Live at the Apollo

  • Title: Live at the Apollo
  • Author: Douglas Wolk
  • ISBN: 9780826415721
  • Page: 470
  • Format: Paperback
  • Live at the Apollo In this remarkable book Douglas Wolk brings to life an October evening in at the Apollo Theatre in Harlem an evening at the height of Cold War tensions In great detail Wolk pieces together wha
    In this remarkable book, Douglas Wolk brings to life an October evening in 1962, at the Apollo Theatre in Harlem an evening at the height of Cold War tensions In great detail, Wolk pieces together what took place and what was recorded that night, and illustrates beautifully the enduring power of one of James Brown s and popular music s defining moments Live at the ApoIn this remarkable book, Douglas Wolk brings to life an October evening in 1962, at the Apollo Theatre in Harlem an evening at the height of Cold War tensions In great detail, Wolk pieces together what took place and what was recorded that night, and illustrates beautifully the enduring power of one of James Brown s and popular music s defining moments Live at the Apollo EXCERPT Standing on the stage of the Apollo at a sold out show on the night of October 24, 1962, screaming, James Brown would have looked out and seen 1500 people screaming back at him in the audience, split between the floor and the balconies The walls behind them were a dark crimson the balconies were decorated with the laurel wreaths that are the emblem of Apollo the god, recalling Daphne, who became a laurel tree to escape his lust Most of the audience thought there was a good chance they d be dead within the week.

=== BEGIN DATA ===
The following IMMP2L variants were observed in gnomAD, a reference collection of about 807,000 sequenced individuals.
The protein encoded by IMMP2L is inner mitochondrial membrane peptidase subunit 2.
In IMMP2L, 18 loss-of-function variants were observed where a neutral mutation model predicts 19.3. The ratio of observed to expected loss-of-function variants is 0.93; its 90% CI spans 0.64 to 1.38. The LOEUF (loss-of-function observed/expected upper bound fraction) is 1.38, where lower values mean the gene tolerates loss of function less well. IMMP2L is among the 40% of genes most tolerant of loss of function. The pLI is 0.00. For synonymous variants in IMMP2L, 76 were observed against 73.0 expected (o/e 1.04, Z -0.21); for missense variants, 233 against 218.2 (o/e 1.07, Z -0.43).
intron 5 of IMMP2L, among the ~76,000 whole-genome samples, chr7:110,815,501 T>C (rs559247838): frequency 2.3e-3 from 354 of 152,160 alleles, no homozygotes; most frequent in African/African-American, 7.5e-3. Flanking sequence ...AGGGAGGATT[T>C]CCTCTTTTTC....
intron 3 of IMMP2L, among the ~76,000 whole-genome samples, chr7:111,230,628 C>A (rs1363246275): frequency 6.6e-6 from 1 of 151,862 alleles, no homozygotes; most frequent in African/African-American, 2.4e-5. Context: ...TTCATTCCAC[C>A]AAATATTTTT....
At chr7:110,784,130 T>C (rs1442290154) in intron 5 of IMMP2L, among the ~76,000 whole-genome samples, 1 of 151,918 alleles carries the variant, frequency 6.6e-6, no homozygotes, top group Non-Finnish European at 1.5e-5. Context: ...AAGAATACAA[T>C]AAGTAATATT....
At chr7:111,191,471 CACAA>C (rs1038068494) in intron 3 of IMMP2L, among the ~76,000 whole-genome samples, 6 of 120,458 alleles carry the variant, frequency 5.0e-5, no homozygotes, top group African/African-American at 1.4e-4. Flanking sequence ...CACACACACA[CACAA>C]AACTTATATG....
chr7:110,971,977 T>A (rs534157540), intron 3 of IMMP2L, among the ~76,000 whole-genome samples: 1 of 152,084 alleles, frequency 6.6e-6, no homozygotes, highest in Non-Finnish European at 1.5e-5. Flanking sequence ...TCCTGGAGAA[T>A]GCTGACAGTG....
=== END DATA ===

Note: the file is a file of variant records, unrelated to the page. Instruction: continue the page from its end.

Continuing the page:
• Ü Live at the Apollo || ✓ PDF Read by ✓ Douglas Wolk
      470 Douglas Wolk
    • thumbnail Title: Ü Live at the Apollo || ✓ PDF Read by ✓ Douglas Wolk
      Posted by:Douglas Wolk
      Published :2019-05-15T20:15:05+00:00

    About Douglas Wolk


    1. Douglas Wolk Is a well-known author, some of his books are a fascination for readers like in the Live at the Apollo book, this is one of the most wanted Douglas Wolk author readers around the world.


    333 Comments


    1. A detail-packed, minute-by-minute look at the record which helped James Brown's career go stratospheric and changed the way R&B albums were seen. It's interesting how form follows content, here - just as the album is a white-hot smelting of snippets and fast cuts from tens of different R&B songs (and readings of those songs), Wolk's narrative is rapid, choppy, digressive. His 'band' are the tight array of chart facts and figures and recording details backing up his wilder flights of hist [...]

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    2. I can't stress enough how amazing this book is. I read it every time I travel back to the US (a 24 hour flight). And each time I find some new bit of research that Douglas Wolk has included that I overlooked in my previous reads. Disclaimer: I'm a huge James Brown fan, which should be factored into my review above. If you don't like James Brown, you shouldn't be reading this. Or really even existing. What's it like to hate life, fun, and goodness?There's so much going on in this (small) book. A [...]

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    3. The author tells you straight up: This book has a lot of numbers in it. That's because so much of music in this time was about what was hitting the charts -- and which charts. It's OK if you like numbers. If not, you'll be bored. There are a few great stories about the madman that was James Brown, but with such an interesting protagonist/antogonist, you could have a much more interesting read.